Licensing an application from a vendor — whether big, mid-size or small — and then watching it go out of business or be acquired is a worst-case scenario for many IT buyers. Even with the most carefully planned acquisition, it is rare that users do not experience some sort of glitch while the companies make the transition.
This scenario can unfold with a vendor of any size, but it is most likely with a small, privately held company. That presents CRM buyers with a dilemma: Go with the technology that is best-suited and priced for a particular need — in many cases, the small vendor’s application — or follow the herd in its flight to quality.
The drawbacks are well known. Financial viability is an issue, and not just for the tiniest of companies. CRM vendors that specialize in the high end of the mid-market, once considered solid, now have financials so shaky it is hard for some analysts to recommend them to clients.
Integration is another issue. Despite the advances of Web services and other integration applications, such as Siebel’s Universal Application Network, nothing compares with being an all-Oracle or all-SAP shop. True, some of the best overall IT operations consist of best-of-breed applications (usually the forte of small vendors) cobbled together. But the cost of this integration is borne by the company, not the vendor.
Importance of Innovation
It can be perilous to ignore the potential benefits of small vendors’ applications, though.
Smaller vendors tend to lead the way in technology advances, said Denis Pombriant, vice president and managing director of Aberdeen Group’s CRM practice. “Frequently, point applications are the ones that drive innovation,” he told CRM Buyer Magazine. “A company may need a particular application because a vendor has recognized a new niche and built a solution for that particular business problem — and no other vendor has recognized it yet.”
The integration issue works both ways for small vendors, Yankee Group program manager Sheryl Kingstone told CRM Buyer. Smaller providers often are able to do a better job leveraging a client’s existing infrastructure, helping firms avoid entirely new implementations. She cited Massachusetts-based MarketSoft, which offers products that have helped financial services firms gain a comprehensive picture of their existing customers in order to cross-sell and upsell more effectively.
“This is the type of thing that — if it’s implemented right — can make an enterprise more efficient,” Kingstone said.
Classic Suite vs. BOB
In many ways, it boils down to the classic suite versus best-of-breed argument. Large suites, safer and better integrated, do not always offer the best feature sets. They also carry a lot of overhead in terms of management and administration, compared with the faster, more agile, usually J2EE (Java 2 Enterprise Edition) or .NET vendors that can better leverage existing systems.
Suites also have a distressing tendency to become shelfware, unused because companies either overestimated their IT needs or underestimated the complexity of the application.
In the end, the decision to go with a small vendor should be based on a number of factors, including whether a company’s future direction meshes with the vendor’s direction (say it is planning to expand globally — will the software application support that growth?); how much of a competitive differentiator the application will prove to be for the company; and, of course, long-term viability.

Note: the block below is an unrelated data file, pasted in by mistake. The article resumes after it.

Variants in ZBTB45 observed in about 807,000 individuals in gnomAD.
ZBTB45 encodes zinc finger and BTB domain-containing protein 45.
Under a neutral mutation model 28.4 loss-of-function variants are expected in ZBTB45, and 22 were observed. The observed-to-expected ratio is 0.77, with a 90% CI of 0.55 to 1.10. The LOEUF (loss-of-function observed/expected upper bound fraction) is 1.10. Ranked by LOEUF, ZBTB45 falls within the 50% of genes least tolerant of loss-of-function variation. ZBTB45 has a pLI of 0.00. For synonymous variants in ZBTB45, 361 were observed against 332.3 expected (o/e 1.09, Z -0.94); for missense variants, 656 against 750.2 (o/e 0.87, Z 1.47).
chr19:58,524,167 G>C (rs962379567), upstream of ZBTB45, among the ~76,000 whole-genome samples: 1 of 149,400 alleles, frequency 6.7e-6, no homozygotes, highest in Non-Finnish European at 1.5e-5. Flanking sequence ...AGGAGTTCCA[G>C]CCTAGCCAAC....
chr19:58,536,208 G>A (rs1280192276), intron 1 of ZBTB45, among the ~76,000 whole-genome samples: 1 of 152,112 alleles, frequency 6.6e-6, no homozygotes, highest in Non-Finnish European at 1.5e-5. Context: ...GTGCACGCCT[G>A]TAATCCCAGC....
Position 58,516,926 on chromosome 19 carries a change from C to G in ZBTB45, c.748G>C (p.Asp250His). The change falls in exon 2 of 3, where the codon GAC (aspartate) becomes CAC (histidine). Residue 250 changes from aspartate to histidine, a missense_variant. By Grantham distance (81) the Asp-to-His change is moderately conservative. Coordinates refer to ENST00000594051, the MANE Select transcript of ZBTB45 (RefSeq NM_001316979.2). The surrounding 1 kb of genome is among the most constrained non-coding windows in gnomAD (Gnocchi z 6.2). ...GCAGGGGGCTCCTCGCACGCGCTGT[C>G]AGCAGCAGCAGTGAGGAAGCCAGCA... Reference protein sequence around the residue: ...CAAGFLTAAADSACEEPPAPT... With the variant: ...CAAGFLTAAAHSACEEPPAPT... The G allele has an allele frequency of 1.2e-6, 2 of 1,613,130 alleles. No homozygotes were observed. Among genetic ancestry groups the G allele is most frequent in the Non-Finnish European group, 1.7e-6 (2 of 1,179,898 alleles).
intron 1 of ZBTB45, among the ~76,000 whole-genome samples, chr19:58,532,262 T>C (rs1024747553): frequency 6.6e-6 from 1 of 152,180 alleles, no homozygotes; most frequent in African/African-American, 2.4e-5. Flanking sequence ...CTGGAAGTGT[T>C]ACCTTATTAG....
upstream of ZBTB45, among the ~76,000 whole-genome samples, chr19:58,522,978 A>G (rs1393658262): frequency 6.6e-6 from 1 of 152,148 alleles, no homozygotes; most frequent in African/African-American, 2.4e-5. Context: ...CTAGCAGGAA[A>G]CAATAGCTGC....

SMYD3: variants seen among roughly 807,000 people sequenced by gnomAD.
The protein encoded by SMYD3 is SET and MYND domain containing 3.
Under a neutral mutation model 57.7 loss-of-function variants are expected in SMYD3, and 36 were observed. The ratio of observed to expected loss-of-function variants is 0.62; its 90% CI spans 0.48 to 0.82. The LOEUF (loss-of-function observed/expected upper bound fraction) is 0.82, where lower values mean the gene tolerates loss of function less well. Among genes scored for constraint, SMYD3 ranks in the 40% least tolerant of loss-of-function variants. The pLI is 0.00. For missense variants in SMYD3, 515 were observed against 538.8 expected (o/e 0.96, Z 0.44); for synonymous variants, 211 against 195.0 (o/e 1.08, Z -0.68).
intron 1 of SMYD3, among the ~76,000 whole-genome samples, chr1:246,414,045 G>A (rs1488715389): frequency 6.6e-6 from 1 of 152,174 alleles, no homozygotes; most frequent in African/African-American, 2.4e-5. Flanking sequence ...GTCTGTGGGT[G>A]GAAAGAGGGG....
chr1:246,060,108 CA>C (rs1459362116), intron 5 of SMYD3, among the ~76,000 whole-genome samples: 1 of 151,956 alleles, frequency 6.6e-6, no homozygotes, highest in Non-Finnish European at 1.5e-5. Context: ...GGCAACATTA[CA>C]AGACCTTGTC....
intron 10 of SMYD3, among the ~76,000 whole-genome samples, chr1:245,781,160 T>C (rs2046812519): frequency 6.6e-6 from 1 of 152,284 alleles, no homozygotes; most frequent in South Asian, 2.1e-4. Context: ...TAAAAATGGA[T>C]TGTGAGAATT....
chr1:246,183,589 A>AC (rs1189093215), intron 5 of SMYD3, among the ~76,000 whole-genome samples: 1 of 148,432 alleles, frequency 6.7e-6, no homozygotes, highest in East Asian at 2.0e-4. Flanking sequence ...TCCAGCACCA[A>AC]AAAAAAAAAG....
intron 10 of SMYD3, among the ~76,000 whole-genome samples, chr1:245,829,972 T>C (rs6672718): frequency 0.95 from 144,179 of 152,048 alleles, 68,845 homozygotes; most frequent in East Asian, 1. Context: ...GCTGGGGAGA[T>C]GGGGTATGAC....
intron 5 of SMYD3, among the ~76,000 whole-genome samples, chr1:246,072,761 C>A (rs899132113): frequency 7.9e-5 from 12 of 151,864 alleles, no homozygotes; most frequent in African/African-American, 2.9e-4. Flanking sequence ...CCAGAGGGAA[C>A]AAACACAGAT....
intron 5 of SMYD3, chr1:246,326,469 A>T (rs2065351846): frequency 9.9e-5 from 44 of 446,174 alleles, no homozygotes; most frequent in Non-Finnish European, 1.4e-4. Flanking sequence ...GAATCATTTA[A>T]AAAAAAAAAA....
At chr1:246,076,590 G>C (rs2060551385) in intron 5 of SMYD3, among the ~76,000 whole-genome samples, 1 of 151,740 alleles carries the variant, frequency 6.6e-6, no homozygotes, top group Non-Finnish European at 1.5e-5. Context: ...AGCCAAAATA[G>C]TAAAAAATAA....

There is no easy or foolproof way to determine this. But a stringent due-diligence process should turn up at least one or two red flags — if there are any.
1) Ask to see the books of a privately held company. Profitability is always nice but not really necessary. However, at a bare minimum, you want a company that has at least six months of cash on hand. Other factors to consider include the percentage of revenue that is plowed back into R&D, who are the major customers — and are they experiencing trouble? — and how much revenue comes from license fees versus services.
2) Ask about the customers. Do not allow a company to merely list generic categories — ask for specifics, with industry, size and even regional breakdowns. Obviously, if these profiles do not match your own, you may not be a good fit for this application.
Most importantly, get references of paying customers, not marquee corporate names that all vendors like to trot out — which usually get a reduction in price if they agree to serve as a case study for the vendor. Try to get references to companies that most closely resemble your own. For example, if you are a small sales company specializing in telecom services, ask for telecom sales references. If the vendor cannot provide any, then use that to try to get a reduction in price by offering to be its reference in that space.
There is always something a company can use to get a handle on a vendor, Gareth Herschel, research director at Gartner, told CRM Buyer. “Ask yourself, how motivated is the owner or CEO? How realistic is the vendor’s development schedule? Is the sales process well organized?”
If a company does decide to go ahead, he suggested that it “watch for significant diversion of resources away from product development and demand monthly updates of the product development road map — and let the vendor know you are attaching great importance to its claims.”